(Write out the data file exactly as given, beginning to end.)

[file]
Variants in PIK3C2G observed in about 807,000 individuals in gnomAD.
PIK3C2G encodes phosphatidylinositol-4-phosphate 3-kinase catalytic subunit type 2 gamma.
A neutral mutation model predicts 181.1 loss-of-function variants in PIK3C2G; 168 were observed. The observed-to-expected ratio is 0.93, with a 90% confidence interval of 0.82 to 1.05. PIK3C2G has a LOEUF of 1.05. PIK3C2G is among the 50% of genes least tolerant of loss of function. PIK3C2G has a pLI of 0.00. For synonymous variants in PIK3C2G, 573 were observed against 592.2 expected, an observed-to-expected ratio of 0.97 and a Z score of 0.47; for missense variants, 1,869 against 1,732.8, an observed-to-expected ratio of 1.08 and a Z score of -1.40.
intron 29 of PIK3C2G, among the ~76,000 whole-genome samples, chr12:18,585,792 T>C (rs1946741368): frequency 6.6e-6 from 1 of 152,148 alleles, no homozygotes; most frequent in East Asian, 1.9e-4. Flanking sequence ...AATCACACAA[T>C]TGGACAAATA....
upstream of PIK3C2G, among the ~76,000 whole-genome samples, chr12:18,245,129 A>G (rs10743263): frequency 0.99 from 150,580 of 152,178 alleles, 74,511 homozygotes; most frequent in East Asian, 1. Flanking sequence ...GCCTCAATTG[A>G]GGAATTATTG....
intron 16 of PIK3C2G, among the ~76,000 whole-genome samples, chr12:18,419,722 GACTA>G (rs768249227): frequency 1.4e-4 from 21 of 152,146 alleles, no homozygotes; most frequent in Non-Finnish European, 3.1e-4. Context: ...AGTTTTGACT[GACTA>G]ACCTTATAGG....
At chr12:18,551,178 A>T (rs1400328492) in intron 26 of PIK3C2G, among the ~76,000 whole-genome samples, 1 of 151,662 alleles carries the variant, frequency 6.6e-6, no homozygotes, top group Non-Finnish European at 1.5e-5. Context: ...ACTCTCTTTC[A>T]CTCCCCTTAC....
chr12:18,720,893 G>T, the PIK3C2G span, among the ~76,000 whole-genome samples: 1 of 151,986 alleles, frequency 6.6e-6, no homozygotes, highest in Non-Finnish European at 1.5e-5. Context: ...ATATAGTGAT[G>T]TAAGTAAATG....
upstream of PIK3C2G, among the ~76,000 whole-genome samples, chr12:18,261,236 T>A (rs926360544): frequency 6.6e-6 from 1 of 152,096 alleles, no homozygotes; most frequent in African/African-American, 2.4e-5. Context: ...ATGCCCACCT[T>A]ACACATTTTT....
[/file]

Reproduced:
Variants in PIK3C2G observed in about 807,000 individuals in gnomAD.
PIK3C2G encodes phosphatidylinositol-4-phosphate 3-kinase catalytic subunit type 2 gamma.
A neutral mutation model predicts 181.1 loss-of-function variants in PIK3C2G; 168 were observed. The observed-to-expected ratio is 0.93, with a 90% confidence interval of 0.82 to 1.05. PIK3C2G has a LOEUF of 1.05. PIK3C2G is among the 50% of genes least tolerant of loss of function. PIK3C2G has a pLI of 0.00. For synonymous variants in PIK3C2G, 573 were observed against 592.2 expected, an observed-to-expected ratio of 0.97 and a Z score of 0.47; for missense variants, 1,869 against 1,732.8, an observed-to-expected ratio of 1.08 and a Z score of -1.40.
intron 29 of PIK3C2G, among the ~76,000 whole-genome samples, chr12:18,585,792 T>C (rs1946741368): frequency 6.6e-6 from 1 of 152,148 alleles, no homozygotes; most frequent in East Asian, 1.9e-4. Flanking sequence ...AATCACACAA[T>C]TGGACAAATA....
upstream of PIK3C2G, among the ~76,000 whole-genome samples, chr12:18,245,129 A>G (rs10743263): frequency 0.99 from 150,580 of 152,178 alleles, 74,511 homozygotes; most frequent in East Asian, 1. Flanking sequence ...GCCTCAATTG[A>G]GGAATTATTG....
intron 16 of PIK3C2G, among the ~76,000 whole-genome samples, chr12:18,419,722 GACTA>G (rs768249227): frequency 1.4e-4 from 21 of 152,146 alleles, no homozygotes; most frequent in Non-Finnish European, 3.1e-4. Context: ...AGTTTTGACT[GACTA>G]ACCTTATAGG....
At chr12:18,551,178 A>T (rs1400328492) in intron 26 of PIK3C2G, among the ~76,000 whole-genome samples, 1 of 151,662 alleles carries the variant, frequency 6.6e-6, no homozygotes, top group Non-Finnish European at 1.5e-5. Context: ...ACTCTCTTTC[A>T]CTCCCCTTAC....
chr12:18,720,893 G>T, the PIK3C2G span, among the ~76,000 whole-genome samples: 1 of 151,986 alleles, frequency 6.6e-6, no homozygotes, highest in Non-Finnish European at 1.5e-5. Context: ...ATATAGTGAT[G>T]TAAGTAAATG....
upstream of PIK3C2G, among the ~76,000 whole-genome samples, chr12:18,261,236 T>A (rs926360544): frequency 6.6e-6 from 1 of 152,096 alleles, no homozygotes; most frequent in African/African-American, 2.4e-5. Context: ...ATGCCCACCT[T>A]ACACATTTTT....